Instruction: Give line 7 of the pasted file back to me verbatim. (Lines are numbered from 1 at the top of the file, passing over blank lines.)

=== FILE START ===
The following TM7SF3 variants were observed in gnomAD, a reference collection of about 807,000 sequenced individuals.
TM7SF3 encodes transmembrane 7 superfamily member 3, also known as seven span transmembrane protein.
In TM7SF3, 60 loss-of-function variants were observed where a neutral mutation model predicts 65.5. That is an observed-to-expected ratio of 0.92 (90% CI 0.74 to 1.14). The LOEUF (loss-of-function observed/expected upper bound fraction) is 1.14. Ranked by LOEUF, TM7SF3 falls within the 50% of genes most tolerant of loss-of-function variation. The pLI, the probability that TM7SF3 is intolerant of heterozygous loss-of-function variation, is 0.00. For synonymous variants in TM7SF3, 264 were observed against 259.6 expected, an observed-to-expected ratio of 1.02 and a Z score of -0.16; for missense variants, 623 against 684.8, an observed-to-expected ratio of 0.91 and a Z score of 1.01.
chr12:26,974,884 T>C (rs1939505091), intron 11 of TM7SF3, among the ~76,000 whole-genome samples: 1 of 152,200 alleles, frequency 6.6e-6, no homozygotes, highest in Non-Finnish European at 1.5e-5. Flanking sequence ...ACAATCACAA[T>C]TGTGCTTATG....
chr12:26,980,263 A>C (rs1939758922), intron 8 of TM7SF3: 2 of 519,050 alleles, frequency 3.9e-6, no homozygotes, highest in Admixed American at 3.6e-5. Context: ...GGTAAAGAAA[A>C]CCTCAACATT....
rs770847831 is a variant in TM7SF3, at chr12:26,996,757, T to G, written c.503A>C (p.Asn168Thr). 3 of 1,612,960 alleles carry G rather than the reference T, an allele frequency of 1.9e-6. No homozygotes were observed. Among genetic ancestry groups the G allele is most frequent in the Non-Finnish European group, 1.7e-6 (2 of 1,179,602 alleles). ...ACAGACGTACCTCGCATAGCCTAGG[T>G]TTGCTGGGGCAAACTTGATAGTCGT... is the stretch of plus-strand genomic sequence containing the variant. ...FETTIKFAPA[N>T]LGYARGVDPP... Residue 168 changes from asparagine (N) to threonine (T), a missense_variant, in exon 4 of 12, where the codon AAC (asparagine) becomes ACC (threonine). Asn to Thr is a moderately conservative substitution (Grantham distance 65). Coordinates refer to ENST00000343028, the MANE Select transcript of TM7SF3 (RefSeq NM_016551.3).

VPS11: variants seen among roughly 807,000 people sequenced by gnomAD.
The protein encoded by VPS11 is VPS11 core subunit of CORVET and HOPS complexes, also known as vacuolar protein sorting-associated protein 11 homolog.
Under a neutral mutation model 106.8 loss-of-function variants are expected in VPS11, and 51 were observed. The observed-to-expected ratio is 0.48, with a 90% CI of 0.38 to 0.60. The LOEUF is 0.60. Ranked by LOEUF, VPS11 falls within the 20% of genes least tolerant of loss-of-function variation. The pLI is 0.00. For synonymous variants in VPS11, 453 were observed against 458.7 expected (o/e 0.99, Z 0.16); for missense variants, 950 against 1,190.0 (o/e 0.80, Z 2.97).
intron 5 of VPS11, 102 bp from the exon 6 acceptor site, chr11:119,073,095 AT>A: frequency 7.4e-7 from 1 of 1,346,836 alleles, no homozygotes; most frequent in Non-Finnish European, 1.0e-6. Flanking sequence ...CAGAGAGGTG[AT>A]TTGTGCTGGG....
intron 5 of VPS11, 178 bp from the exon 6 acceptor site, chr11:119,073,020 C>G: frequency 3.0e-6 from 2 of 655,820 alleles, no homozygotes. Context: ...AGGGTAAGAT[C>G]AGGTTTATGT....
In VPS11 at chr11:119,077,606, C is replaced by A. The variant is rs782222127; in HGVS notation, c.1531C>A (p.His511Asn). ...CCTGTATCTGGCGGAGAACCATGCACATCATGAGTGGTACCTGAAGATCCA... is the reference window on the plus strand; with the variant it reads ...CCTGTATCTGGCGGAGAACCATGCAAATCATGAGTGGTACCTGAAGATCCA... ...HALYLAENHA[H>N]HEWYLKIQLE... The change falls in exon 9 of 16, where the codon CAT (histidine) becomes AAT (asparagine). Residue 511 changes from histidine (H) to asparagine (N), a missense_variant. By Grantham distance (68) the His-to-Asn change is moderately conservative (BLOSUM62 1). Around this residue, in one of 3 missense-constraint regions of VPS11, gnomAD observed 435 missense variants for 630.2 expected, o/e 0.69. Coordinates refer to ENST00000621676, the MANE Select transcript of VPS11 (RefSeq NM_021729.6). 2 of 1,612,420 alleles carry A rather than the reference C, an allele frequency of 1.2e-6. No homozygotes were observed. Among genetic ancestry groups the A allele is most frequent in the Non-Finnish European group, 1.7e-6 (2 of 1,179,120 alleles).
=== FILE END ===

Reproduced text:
VPS11: variants seen among roughly 807,000 people sequenced by gnomAD.